Shinzo Abe was overwhelmingly elected as leader of the Liberal Democratic Party (LDP) on Wednesday.

 

If elected as prime minister next week, the 52-year old will be the first person born after World War II to hold the post. With such an overwhelming support within the LDP, that looks a certainty.  

 

Abe has pledged to re-write Japan's pacifist constitution, as well as continue economic reforms needed to tackle Japan’s large public debt.

 

He also seeks tighter security ties with close ally Washington, keeping Japan firmly in the international 'War on Terror', and favours a tough stance towards North Korea.

 

Change in constitution

 

Abe campaigned for a more confident Japan. He seeks to revise the pacifist Constitution to give the military more freedom of action and promote patriotism in schools, moves which aim to distance Tokyo from its post-1945 war guilt.

"I would like to join everyone in helping Mr Abe win the public trust"

Junichiro Koizumi, Japanese prime minister

 

"He's from the generation that doesn't know war," said Takashi Sasagawa, an LDP lawmaker. "Not knowing war is his strength, because he can be on equal terms with other countries."

 

Despite his inexperience, Abe has the blessing of Junichiro Koizumi, Japan’s outgoing prime minister. Koizumi remains widely popular after five years in office, a long time by Japanese standards.

 

"From now on, I would like to join everyone in helping Mr Abe win the public trust," Koizumi said minutes after the vote. Such an endorsement is likely to strengthen Abe’s hand even further.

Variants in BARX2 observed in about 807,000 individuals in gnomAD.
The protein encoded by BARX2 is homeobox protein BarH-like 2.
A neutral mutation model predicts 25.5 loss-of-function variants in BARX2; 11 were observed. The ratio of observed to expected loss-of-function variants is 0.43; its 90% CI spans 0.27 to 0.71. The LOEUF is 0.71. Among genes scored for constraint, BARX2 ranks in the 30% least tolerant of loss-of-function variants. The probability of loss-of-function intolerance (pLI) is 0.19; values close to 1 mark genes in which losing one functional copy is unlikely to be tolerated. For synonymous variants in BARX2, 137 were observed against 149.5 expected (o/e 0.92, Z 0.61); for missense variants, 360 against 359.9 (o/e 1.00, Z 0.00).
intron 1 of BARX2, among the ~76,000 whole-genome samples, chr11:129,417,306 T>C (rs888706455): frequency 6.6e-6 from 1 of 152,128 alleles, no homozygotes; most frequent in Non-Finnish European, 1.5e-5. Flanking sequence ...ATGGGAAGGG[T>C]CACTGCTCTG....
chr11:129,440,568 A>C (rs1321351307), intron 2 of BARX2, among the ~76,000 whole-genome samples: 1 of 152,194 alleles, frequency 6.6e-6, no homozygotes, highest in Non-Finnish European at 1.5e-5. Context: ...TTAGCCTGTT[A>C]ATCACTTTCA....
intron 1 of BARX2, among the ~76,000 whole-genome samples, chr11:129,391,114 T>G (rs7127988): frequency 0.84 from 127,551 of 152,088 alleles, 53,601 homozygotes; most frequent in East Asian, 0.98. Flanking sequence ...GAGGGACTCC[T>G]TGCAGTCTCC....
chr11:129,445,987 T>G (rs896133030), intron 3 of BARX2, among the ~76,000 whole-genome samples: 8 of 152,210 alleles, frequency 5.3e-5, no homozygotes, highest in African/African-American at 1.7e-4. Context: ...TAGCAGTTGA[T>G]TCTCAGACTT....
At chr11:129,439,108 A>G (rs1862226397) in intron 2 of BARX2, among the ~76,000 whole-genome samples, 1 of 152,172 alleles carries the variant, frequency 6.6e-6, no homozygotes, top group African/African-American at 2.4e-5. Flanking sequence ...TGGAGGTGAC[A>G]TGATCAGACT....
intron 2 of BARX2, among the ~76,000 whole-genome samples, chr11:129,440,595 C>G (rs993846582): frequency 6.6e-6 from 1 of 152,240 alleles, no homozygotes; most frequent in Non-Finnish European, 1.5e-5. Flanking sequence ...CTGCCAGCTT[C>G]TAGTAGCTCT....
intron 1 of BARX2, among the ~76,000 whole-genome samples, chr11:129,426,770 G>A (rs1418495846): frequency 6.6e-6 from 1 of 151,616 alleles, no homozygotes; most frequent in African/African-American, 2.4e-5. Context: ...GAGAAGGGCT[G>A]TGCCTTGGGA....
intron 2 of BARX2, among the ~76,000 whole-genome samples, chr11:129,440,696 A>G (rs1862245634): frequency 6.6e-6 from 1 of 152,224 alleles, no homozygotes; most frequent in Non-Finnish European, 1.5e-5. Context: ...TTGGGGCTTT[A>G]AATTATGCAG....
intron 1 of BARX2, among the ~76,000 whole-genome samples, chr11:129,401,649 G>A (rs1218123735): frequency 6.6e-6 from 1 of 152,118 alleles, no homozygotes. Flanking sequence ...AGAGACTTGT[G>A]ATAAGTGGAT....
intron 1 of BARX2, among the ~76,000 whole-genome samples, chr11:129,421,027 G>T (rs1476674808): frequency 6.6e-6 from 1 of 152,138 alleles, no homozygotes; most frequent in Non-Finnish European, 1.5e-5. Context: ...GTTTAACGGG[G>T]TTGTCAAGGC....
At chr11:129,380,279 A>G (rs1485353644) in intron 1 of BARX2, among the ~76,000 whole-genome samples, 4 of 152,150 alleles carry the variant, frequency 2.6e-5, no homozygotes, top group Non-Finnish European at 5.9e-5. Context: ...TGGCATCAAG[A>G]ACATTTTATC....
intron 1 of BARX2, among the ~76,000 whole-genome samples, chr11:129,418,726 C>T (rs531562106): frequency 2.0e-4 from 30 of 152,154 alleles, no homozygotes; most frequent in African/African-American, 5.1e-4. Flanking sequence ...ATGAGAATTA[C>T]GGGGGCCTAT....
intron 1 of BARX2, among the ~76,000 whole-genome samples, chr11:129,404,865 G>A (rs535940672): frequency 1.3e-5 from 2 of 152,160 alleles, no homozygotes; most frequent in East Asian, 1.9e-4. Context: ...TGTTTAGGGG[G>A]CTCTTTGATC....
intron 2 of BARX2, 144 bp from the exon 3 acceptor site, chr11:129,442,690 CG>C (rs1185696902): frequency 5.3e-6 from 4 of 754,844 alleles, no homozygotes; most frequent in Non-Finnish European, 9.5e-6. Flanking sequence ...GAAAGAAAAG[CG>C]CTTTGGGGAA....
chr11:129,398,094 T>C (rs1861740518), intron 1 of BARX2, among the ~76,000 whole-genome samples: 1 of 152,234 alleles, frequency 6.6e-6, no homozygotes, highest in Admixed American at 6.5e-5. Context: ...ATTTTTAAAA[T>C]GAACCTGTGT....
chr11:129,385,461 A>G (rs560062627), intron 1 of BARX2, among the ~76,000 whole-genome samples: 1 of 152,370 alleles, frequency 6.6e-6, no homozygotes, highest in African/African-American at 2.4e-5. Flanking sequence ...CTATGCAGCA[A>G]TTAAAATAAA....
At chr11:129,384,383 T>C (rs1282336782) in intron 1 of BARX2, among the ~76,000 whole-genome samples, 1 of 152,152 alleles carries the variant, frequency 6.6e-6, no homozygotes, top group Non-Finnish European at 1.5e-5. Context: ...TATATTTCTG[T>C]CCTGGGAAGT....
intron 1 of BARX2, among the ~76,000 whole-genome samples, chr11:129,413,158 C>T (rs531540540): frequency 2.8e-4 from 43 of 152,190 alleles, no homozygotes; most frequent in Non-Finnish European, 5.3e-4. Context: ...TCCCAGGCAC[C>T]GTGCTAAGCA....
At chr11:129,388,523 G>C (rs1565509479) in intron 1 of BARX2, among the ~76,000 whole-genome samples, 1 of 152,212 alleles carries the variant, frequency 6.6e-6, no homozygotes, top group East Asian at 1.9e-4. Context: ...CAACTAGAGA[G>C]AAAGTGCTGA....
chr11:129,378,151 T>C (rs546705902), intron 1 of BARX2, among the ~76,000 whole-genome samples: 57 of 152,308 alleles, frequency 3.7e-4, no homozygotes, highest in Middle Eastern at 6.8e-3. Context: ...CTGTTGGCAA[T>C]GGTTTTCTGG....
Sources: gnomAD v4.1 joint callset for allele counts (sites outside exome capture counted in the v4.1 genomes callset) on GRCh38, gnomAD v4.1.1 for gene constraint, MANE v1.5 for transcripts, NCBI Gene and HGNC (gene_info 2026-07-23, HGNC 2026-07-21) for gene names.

If Abe is elected, there could be a change in the country’s relationship with its World War II past. He supports revisionist history textbooks that teach students to take pride in their nation rather than focus on the dark accounts of Japanese aggression during the war.

 

Shrine visit

 

Japanese demonstrators holding a
banner against Koizumi's shrine visit

He also defended Koizumi's pilgrimages to Yasukuni Shrine, where Japanese leaders convicted as war criminals by an Allied tribunal are honoured along with the nation's war dead. However, he has declined to say if he would pay his respects there if elected as prime minister.

 

Japanese pacifists say Abe's attitudes are potentially harmful. But to his supporters he represents a Japan that can finally assert itself to other nations after decades of turning the other cheek.

 

"He thinks seriously about Japan's national interests," said Ryohei Saito, 65, who visited the Yasukuni war shrine on Thursday. "Japan has been too weak till now, so we need to be more assertive. I think Abe can build a strong Japan."

 

Yet delicacy is needed if Abe is to improve relations with China and South Korea, two victims of Japanese aggression that have refused to meet with Koizumi because of his visits to Yasukuni.

 

Ties with neighbours

 

Abe has said he encourages summit meetings with Beijing. "It is regrettable that the summit meetings between Chinese and Japanese leaders haven't happened," Abe said in an interview with Japan's national broadcaster NHK.

 

"It is important for leaders to frankly talk with each other, even though there may be various problems between neighbouring countries."

 

Abe says he will seek dramatic economic reforms, necessary in a country where there is a widening gap between rich and poor. "I will vigorously bring reform forward. We must not, at any cost, stop reforming," he said.

 

Abe’s plans are ambitious for a country that seeks to reconcile its past with the present. If he is elected, there could be a change in Japan’s character.